posted on Oct, 23 2012 @ 07:47 PM
That's right, a French rogue
trader, Jérôme Kerviel
stole 4.6 billion euros from the bank, Société Générale
, he was
working for can face up to 5 whole years in jail. His court appeal is tomorrow and his 3 year sentence could be upgraded to 5 if he loses his appeal.
But the truth is he was originally given a 5 year sentence but 2 of those years were suspended and the other part of his sentence is that he has to
repay the stolen 4.6 billion to the bank, which funny enough, doesn't at all expect him to repay any of it. Oh, and I almost forgot he's banned from
ever working in the financial market
So right now he is serving a 3 year sentence (awarded in 2010) that he going to appeal tomorrow. Why is he appealing? Well it should be obvious this
man wasn't working alone and there is no way his bank didn't know he was gambling away billions of their dollars. The bank says he was a rogue trader
but he says the bank knew full well what he was doing and that it was common practice.
I absolutely believe he is just their fall guy who was given a LIGHT sentence so it's kinda funny to see him fight this. Obviously somebody thought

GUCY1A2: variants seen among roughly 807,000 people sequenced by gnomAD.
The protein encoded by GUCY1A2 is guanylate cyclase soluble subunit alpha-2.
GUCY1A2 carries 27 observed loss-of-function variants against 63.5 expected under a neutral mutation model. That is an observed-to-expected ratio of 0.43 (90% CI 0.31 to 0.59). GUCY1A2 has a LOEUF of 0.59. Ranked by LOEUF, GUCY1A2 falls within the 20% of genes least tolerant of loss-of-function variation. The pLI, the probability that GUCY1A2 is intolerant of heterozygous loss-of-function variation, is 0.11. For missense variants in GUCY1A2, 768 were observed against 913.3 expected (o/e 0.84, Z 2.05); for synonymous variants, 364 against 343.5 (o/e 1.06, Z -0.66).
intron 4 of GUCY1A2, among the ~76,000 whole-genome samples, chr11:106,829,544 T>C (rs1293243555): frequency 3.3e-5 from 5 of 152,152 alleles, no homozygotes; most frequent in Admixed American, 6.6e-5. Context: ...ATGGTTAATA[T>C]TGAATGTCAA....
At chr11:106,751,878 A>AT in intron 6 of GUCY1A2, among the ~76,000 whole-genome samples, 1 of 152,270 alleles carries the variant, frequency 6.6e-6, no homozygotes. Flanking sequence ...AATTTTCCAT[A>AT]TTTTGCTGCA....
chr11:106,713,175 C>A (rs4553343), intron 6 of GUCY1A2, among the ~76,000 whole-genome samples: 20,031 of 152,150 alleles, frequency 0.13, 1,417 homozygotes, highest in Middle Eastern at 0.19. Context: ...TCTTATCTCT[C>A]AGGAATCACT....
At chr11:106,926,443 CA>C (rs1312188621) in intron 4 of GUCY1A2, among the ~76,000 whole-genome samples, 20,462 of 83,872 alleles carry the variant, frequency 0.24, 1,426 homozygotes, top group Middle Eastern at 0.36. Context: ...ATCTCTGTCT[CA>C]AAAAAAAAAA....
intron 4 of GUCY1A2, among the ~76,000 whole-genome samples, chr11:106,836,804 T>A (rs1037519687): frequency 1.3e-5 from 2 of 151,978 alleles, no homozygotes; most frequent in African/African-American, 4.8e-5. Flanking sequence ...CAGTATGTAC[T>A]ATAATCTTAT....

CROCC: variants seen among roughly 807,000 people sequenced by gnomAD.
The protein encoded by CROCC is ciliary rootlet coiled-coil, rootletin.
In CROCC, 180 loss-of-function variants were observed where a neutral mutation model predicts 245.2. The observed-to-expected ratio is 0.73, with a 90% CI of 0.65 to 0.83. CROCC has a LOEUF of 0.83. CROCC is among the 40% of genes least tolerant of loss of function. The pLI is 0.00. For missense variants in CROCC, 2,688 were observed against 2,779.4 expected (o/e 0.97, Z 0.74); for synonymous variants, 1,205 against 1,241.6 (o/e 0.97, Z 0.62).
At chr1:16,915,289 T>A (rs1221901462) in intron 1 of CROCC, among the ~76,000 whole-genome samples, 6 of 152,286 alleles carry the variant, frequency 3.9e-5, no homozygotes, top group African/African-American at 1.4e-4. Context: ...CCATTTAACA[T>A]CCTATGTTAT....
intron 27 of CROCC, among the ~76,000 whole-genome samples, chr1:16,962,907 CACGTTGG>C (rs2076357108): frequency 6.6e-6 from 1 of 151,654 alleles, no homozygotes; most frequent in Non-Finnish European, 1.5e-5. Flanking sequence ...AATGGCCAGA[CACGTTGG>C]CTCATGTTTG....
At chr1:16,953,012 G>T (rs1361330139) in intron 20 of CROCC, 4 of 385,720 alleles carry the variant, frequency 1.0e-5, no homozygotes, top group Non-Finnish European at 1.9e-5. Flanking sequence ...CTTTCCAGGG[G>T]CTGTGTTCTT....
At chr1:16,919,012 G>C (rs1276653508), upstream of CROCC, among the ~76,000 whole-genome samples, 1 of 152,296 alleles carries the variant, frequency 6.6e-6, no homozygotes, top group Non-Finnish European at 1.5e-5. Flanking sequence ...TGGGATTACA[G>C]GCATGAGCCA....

they were doing him a favor by making sure he was given a light sentence. I'm going to make a prediction he'll lose his appeal tomorrow
‘Rogue trader’ Kerviel faces jail at appeal ruling
Jérôme Kerviel, the Société Générale trader whose reckless gambling lost his bank 4.9 billion euros in early 2008, faces up to five
years in prison Wednesday when a Paris court rules on his appeal against his 2010 sentence.
Société Générale ‘rogue trader’ Jérôme Kerviel, who lost his employer a record-breaking 4.9 billion euros in 2008, is due to on Wednesday
hear the Paris appeals court’s final ruling on a prison sentence handed down in 2010.
His original three-year sentence for breach of trust, forging documents and computer hacking included an order to repay the bank’s massive losses.
A related article from 2008 sheds some more insight as to who this man was and how it doesn't make sense that he was this rogue trader
A Spiral of Losses by a ‘Plain Vanilla’ Trader
PARIS — On the elite trading floors here, where France’s brightest minds devise some of the most complex instruments in global finance,
few people noticed Jérôme Kerviel.
He was lucky to be there at all. Many of his colleagues had been plucked from the prestigious Grandes Ecoles — the Harvards and M.I.T.’s of
France — and wielded advanced degrees in math or engineering. Mr. Kerviel arrived from business school and started out shuffling paper in the back
But on Thursday the world came to know Mr. Kerviel, 31, as the most dangerous accused rogue trader ever, a young gambler who found himself sucked into
a spiral of losses that left a $7.2 billion hole in Société Générale, one of France’s largest and most respected banks.
edit on 23-10-2012 by Swills because: (no reason given)